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Choir trip's high notes rose above the alarms

Six weeks ago, when I was asked if I would take my senior choir to Bruchsal in Germany to represent the town in a musical festival, my initial reaction was one of caution.

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Six weeks ago, when I was asked if I would take my senior choir to Bruchsal in Germany to represent the town in a musical festival, my initial reaction was one of caution.

But why? They would be flown out for a long weekend free of charge. They would receive a lovely welcome and have the chance to sing to new audiences. It was an ideal chance to reward them for all their hard work in rehearsing and performing through the year. It was perfect.

But alarm bells rang in my ears as the advice from many was to be very careful about planning such a trip. Friends in other schools furnished me with a litany of horror stories involving litigious parents, inadequate risk assessments, badly behaved pupils and other potential pitfalls. A union official also advised against the trip.

But it would hardly be a new venture for me: I had previously led six foreign choir tours, though not for some years, and I was told the climate had changed drastically in the interim.

Yet a trip like this would be such a positive experience in so many ways. It would help the group to bond in a way that the two after-school rehearsals per week could never do. It would have obvious musical benefits and provide good publicity for the faculty and the school. So what was I to do?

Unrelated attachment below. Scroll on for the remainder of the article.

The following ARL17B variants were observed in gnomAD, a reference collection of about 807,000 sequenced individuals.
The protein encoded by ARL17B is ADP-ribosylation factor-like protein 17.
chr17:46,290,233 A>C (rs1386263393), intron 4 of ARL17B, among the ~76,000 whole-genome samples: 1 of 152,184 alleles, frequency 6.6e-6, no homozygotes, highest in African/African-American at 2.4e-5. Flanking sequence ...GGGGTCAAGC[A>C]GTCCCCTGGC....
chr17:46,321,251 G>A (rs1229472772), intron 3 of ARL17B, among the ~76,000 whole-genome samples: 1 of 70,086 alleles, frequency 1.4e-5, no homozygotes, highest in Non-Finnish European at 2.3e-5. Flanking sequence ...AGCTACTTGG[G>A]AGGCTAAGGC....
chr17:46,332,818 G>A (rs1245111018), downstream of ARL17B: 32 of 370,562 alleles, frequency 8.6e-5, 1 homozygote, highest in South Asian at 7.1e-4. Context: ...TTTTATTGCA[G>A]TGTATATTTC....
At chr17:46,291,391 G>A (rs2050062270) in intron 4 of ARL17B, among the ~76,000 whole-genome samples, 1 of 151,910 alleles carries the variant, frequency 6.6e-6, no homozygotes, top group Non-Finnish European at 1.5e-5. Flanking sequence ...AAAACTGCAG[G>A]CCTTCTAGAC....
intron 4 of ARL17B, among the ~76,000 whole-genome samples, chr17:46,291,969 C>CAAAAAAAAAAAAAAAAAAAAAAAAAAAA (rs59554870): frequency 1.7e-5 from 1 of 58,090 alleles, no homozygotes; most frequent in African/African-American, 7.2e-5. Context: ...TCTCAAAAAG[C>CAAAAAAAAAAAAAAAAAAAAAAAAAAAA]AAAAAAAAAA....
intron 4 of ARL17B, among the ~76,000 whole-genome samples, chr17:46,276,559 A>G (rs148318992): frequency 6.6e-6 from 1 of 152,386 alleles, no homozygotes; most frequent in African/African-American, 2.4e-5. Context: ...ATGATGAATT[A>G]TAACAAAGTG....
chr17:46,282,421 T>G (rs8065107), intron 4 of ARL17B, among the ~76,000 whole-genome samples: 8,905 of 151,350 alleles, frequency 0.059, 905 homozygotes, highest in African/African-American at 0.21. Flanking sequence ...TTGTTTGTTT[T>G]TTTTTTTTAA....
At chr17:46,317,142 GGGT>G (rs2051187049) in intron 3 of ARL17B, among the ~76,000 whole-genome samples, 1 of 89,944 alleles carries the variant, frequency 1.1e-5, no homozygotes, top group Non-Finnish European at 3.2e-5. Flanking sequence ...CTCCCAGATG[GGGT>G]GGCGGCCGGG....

In the end, the hardest decision was taken out of my hands as a member of the senior leadership team volunteered to be the trip leader, leaving me free to focus on the many musical aspects that had to be sorted out at short notice.

The trip turned out to be a great success and the least problematic I've ever been involved in. The kids were great. There were the usual hitches that are always a part of such an experience - even before we had left, I was the one who couldn't find his passport (it was finally discovered with my sandwiches). Then, on arrival at our destination, we soon found out that our accommodation for the first night was woefully inadequate. But this brought out the Dunkirk spirit in the students: rather than dwell on it, they thrived on the adversity as they partied into the night. The tone for the whole visit was set.

How could I have contemplated not being part of this? The whole experience reminded me why I became a teacher: the good-natured banter between pupils and staff; seeing the quieter pupils gradually losing their reserve and being as raucously involved as the others; the older choristers keeping an eye out for the younger ones; the a cappella rendition of the whole repertoire on the coach; the choir's ability to become a disciplined unit when the time came to perform; and their pride in their performance.

On the last day, we arrived at the airport to be told it was to be closed because of volcanic ash - but our flight might just make it out in time. I'm sure many secretly hoped we would have to stay for a few more days.

Of course there are potential problems with these extra-curricular activities, and there have been many instances of them going wrong - and it is easy to forget this when returning euphorically from a trip that has been a happy, successful experience, as most of them are. What is clear is that everything possible must be done to enable these events to continue - for the sake of pupils and teachers.

Geraint Davies, Head of arts faculty, Llantarnam School, Cwmbran, Gwent.

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